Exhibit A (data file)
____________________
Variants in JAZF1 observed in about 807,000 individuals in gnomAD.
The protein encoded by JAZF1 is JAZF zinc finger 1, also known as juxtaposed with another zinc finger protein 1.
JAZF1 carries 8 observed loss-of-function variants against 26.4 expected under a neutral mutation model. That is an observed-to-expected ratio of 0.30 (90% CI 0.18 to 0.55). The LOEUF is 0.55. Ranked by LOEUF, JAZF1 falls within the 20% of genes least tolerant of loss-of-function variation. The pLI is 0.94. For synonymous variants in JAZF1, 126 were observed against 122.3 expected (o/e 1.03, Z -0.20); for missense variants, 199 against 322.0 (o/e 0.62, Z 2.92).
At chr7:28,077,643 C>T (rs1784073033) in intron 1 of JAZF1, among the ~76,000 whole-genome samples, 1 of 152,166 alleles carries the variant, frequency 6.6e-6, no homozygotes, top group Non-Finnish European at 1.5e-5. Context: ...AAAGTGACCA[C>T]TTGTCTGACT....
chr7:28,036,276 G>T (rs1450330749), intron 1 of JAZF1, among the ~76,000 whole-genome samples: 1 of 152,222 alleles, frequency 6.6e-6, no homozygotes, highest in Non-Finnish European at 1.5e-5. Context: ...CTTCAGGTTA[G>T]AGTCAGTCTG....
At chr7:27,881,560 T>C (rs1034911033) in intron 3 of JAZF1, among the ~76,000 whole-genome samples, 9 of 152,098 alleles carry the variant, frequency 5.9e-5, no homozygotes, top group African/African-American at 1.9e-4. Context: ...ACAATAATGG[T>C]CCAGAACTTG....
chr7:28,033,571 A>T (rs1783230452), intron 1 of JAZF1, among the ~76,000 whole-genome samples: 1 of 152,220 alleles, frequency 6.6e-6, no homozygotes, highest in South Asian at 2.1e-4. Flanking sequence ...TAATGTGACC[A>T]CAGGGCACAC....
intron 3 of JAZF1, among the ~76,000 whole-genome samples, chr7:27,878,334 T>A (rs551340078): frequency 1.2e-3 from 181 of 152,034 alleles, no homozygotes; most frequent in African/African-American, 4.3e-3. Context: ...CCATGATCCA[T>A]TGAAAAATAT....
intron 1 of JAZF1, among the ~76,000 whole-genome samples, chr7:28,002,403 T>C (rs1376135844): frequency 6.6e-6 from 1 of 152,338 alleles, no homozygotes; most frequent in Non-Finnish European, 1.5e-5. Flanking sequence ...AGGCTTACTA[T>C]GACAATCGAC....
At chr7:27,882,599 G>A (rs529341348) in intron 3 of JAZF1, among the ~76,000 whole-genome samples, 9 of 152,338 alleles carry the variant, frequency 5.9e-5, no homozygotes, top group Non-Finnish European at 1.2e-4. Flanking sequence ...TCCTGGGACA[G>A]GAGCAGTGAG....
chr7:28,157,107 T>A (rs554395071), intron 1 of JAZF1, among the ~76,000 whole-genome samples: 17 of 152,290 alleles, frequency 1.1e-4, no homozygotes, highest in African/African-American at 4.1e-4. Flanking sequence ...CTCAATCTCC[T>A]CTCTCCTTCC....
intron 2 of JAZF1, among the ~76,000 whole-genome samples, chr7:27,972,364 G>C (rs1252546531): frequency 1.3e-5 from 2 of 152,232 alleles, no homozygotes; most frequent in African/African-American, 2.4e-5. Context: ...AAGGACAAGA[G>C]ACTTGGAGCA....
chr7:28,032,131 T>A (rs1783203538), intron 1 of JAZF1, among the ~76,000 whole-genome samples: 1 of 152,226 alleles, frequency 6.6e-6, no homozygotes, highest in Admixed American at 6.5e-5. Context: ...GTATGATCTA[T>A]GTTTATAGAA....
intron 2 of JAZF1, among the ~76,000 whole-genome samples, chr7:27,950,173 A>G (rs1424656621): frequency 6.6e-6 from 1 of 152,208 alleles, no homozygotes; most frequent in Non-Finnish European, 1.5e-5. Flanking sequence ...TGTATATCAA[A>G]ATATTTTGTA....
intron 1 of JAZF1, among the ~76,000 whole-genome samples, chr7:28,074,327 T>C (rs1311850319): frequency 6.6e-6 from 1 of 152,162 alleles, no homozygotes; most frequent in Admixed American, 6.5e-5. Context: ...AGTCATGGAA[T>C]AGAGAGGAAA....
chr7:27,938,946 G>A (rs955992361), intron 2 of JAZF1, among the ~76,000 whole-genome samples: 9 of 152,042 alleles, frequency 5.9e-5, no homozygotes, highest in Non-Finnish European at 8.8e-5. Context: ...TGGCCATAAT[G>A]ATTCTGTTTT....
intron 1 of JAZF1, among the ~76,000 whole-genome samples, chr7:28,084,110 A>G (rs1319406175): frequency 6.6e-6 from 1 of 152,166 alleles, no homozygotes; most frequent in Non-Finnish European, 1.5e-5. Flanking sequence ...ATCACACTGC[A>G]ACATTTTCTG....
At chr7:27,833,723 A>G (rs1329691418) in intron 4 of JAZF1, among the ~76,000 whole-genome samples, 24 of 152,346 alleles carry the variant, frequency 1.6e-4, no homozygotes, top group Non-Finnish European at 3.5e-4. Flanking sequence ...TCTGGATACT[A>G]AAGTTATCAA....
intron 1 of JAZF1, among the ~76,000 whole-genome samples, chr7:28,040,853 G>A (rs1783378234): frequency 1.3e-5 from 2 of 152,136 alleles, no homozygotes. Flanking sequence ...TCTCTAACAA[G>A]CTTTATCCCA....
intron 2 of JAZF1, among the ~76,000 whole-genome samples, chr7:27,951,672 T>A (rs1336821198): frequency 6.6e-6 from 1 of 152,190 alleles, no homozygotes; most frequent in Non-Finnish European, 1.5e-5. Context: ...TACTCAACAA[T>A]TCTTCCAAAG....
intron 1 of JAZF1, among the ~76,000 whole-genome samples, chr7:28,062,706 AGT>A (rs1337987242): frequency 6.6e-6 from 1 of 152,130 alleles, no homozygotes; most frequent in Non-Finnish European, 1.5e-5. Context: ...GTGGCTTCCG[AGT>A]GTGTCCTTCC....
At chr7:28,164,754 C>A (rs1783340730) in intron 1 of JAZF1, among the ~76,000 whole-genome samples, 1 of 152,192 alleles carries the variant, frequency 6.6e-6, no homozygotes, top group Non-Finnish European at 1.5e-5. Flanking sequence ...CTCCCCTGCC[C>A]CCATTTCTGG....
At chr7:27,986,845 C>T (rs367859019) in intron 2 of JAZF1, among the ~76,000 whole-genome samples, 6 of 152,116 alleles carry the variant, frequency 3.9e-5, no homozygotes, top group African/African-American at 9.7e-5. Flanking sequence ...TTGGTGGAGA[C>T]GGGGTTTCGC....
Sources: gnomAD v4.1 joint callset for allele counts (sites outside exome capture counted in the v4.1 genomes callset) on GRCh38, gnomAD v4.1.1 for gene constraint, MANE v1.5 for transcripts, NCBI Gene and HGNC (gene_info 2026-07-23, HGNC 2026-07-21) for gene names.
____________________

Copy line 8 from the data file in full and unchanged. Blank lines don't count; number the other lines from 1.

intron 3 of JAZF1, among the ~76,000 whole-genome samples, chr7:27,878,334 T>A (rs551340078): frequency 1.2e-3 from 181 of 152,034 alleles, no homozygotes; most frequent in African/African-American, 4.3e-3. Context: ...CCATGATCCA[T>A]TGAAAAATAT....